I am not one to put stickers on my car, but when my husband was deployed to Iraq in 1990, I found a bumper sticker that I proudly displayed:
My family and friends were a tremendous help and support to me during my husband’s two deployments, but there were some things that I had to face alone. My girlfriends could only stay so long before they had to go home to their own families. Spending night after night alone became depressing and fear of the unknown was my constant companion.
When my husband returned home from his first deployment, I expected life to pick up where it left off. Once the honeymoon was over, I started to sense things were a bit different. Not knowing anything about PTSD, I assumed these issues would eventually work themselves out and go away. Since we had never heard of PTSD, we did not seek help.
Post Traumatic Stress Disorder (PTSD) is complicated. A simplified definition by Mayo Clinic states: Post-traumatic stress disorder is a mental health condition that is triggered by a terrifying event. Symptoms may include flashbacks, nightmares and severe anxiety, as well as uncontrollable thoughts about the event.
Marshele Carter Waddell is the wife of a U.S. NAVY Seal as well as an author, speaker, and the founder of a ministry for military wives. She summarizes her experience with PTSD this way:
When my U.S. Navy SEAL husband returned from Iraq with only a broken leg, I praised God that he was home safe and sound. In the months that followed his homecoming, I sensed that his leg was the least of our concerns. Although he was recovering physically, his soul still walked with a limp. His unseen wounds, caused by war zone experiences, went unmentioned, unnoticed and untreated. Slowly but surely, these invisible injuries infected our marriage, our children and our family life. He was home with us in body but in his spirit, a war still raged. From irritability to irrationality to nightmares and emotional paralysis, it became clear to me that my veteran husband was suffering from post-traumatic stress. For two years, my husband denied any need for help and unintentionally led our family into a land of silent suffering.
Marshele is a tremendous resource and encouragement to many military families.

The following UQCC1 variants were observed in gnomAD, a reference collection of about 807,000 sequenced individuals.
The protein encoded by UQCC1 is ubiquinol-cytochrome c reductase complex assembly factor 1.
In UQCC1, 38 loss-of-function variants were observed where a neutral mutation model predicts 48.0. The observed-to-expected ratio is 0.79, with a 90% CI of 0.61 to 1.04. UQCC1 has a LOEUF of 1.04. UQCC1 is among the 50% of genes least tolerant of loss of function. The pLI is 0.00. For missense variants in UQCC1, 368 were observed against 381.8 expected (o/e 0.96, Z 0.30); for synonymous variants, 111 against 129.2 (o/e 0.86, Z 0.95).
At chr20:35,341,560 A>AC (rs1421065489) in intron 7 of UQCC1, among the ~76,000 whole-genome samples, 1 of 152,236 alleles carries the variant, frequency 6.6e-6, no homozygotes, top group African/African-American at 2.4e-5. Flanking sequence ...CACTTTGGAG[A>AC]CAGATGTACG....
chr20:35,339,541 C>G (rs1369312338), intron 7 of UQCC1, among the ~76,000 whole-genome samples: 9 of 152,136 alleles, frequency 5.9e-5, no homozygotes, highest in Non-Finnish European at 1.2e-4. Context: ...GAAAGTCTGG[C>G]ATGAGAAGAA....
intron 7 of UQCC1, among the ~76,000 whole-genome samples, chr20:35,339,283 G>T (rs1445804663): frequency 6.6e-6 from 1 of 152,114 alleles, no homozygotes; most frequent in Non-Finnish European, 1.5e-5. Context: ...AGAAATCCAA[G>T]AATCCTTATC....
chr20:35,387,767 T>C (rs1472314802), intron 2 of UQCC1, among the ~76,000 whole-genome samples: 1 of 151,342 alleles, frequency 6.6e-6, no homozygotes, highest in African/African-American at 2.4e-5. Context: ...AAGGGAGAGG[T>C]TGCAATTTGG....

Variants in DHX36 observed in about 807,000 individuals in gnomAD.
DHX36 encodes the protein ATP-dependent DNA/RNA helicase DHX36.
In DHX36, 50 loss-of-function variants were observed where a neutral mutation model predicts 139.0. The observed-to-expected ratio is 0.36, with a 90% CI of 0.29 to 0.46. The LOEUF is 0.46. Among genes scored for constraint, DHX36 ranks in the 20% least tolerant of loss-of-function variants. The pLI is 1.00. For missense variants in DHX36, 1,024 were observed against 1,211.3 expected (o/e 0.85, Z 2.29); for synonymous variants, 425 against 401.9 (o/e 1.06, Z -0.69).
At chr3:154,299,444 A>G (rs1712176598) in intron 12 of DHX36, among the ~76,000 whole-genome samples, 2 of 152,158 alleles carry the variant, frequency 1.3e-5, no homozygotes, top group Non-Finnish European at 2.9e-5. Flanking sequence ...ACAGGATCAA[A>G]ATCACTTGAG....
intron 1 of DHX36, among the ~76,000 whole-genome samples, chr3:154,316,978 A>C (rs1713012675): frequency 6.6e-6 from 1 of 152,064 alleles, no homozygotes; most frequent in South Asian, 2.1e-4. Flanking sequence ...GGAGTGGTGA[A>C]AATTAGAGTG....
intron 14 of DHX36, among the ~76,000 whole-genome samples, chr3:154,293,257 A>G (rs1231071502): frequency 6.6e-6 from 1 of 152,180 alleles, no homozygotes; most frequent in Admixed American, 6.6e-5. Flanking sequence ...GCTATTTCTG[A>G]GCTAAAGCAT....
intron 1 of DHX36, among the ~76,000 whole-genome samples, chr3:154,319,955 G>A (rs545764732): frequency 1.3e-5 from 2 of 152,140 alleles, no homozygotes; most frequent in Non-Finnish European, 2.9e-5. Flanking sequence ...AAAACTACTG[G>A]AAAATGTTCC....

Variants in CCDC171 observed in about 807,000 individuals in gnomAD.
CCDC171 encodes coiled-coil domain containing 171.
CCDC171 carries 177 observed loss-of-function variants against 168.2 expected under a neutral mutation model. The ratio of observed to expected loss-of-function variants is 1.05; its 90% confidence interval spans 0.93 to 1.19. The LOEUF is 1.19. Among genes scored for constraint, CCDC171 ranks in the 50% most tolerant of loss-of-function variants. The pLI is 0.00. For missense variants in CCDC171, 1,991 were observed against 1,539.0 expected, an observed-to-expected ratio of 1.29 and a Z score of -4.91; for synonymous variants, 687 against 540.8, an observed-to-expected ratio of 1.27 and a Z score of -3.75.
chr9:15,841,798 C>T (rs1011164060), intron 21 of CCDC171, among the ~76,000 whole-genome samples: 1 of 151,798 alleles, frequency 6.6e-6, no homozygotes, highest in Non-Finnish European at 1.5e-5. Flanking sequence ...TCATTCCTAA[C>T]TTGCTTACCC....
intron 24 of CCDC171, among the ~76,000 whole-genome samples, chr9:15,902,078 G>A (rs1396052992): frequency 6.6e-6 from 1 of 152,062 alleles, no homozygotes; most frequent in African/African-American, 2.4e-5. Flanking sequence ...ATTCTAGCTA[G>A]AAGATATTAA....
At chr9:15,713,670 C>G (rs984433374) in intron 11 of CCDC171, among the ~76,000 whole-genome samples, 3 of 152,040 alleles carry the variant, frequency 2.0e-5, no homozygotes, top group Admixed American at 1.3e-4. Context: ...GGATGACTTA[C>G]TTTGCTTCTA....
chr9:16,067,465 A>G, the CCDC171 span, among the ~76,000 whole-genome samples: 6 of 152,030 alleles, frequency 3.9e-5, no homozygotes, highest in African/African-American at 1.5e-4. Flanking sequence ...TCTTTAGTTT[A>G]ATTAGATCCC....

My husband’s second deployment was cut short with a flight from Baghdad to a hospital in Landstul, Germany. A bothersome pulled muscle led to a chest x-ray which revealed a mass in his chest. He underwent several tests which eventually led to major surgery to remove the “steak-size” tumor in his chest. The diagnosis: Diffuse Large B-Cell Lymphoma, a cancer of the white blood cells and lymphatic system. After 10 days in Germany, we spent a month in California for follow-up tests and recovery from surgery. He was then released from active duty and sent home to South Carolina to undergo chemotherapy and radiation.
We were unaware that my husband actually came home with two illnesses. One was diagnosed as cancer; the other was left undiagnosed and untreated for approximately 10 years.
About a year ago, a military doctor said to my husband, “You are suffering from a pretty severe case of PTSD and need to get help.”
Even though my husband knew he was dealing with something, he never entertained the thought of PTSD. After a period of denial–but also a time of searching and studying–he realized the doctor was right. My husband has gone from complete denial to recently stating, “I think we should become the experts on PTSD so that we can help others who suffer in silence.”
Most people understand that joining the military takes incredible courage and sacrifice. I agree but I will tell you that my husband’s willingness to share his story and his battle with PTSD is far more courageous than fighting in any physical war. I am humbled by his willingness to be the poster child so that others do not have to suffer in silence like we have suffered. It is only by the grace of God that we have survived this long. Thank you, my brave wounded warrior!
Let me take a moment to speak to our friends who just read this and fainted because they thought we were the all-American family that had it all together. May I say two things to you? First, does anybody have it all together? Don’t we try to look like we have it all together because we think everybody else has it all together? Secondly, don’t feel guilty for not noticing. (But, now that you know, feel free to bring some meals…and chocolate!) It’s OK that you did not notice. In fact, we even tried to hide it from you.
When we received the cancer diagnose, I remember Ron saying something I didn’t expect: “Don’t tell anybody yet.” After a couple of days later, he was ready to talk about it, face it, and conquer it.
Ironically, he has dealt with this silent killer called PTSD the same way. He never verbally spoke the words but his actions said, “Don’t tell anybody yet.” It’s taken more than a couple of days to be ready to talk about it, face it, and conquer it, but now he’s ready. (Thanks again, babe.)
We fought Saddam Hussein together. We fought cancer together. Now we’re are fighting PTSD together. There are millions of wounded families struggling with PTSD. Some are looking for help; some are running from it. We understand. We want to offer our story, our experience, and what we are learning. We would love to hear from you as we study, learn and write about this illness.